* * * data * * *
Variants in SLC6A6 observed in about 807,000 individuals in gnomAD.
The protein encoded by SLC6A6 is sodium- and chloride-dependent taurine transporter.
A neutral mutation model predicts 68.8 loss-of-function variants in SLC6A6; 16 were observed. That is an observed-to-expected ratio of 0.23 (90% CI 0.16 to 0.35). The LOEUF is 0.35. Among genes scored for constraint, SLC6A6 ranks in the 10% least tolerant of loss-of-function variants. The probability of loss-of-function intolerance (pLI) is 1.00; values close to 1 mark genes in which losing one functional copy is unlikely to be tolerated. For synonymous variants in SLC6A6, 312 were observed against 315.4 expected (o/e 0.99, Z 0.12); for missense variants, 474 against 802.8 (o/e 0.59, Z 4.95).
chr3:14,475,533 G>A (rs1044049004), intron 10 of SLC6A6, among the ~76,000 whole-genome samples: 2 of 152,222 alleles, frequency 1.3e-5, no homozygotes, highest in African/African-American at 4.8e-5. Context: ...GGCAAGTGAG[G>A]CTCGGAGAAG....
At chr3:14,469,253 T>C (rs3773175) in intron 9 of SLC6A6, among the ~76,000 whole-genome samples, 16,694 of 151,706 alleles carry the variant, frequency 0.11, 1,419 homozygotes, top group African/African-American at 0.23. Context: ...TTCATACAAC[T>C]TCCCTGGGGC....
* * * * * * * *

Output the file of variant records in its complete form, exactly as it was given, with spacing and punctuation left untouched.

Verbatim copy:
Variants in SLC6A6 observed in about 807,000 individuals in gnomAD.
The protein encoded by SLC6A6 is sodium- and chloride-dependent taurine transporter.
A neutral mutation model predicts 68.8 loss-of-function variants in SLC6A6; 16 were observed. That is an observed-to-expected ratio of 0.23 (90% CI 0.16 to 0.35). The LOEUF is 0.35. Among genes scored for constraint, SLC6A6 ranks in the 10% least tolerant of loss-of-function variants. The probability of loss-of-function intolerance (pLI) is 1.00; values close to 1 mark genes in which losing one functional copy is unlikely to be tolerated. For synonymous variants in SLC6A6, 312 were observed against 315.4 expected (o/e 0.99, Z 0.12); for missense variants, 474 against 802.8 (o/e 0.59, Z 4.95).
chr3:14,475,533 G>A (rs1044049004), intron 10 of SLC6A6, among the ~76,000 whole-genome samples: 2 of 152,222 alleles, frequency 1.3e-5, no homozygotes, highest in African/African-American at 4.8e-5. Context: ...GGCAAGTGAG[G>A]CTCGGAGAAG....
At chr3:14,469,253 T>C (rs3773175) in intron 9 of SLC6A6, among the ~76,000 whole-genome samples, 16,694 of 151,706 alleles carry the variant, frequency 0.11, 1,419 homozygotes, top group African/African-American at 0.23. Context: ...TTCATACAAC[T>C]TCCCTGGGGC....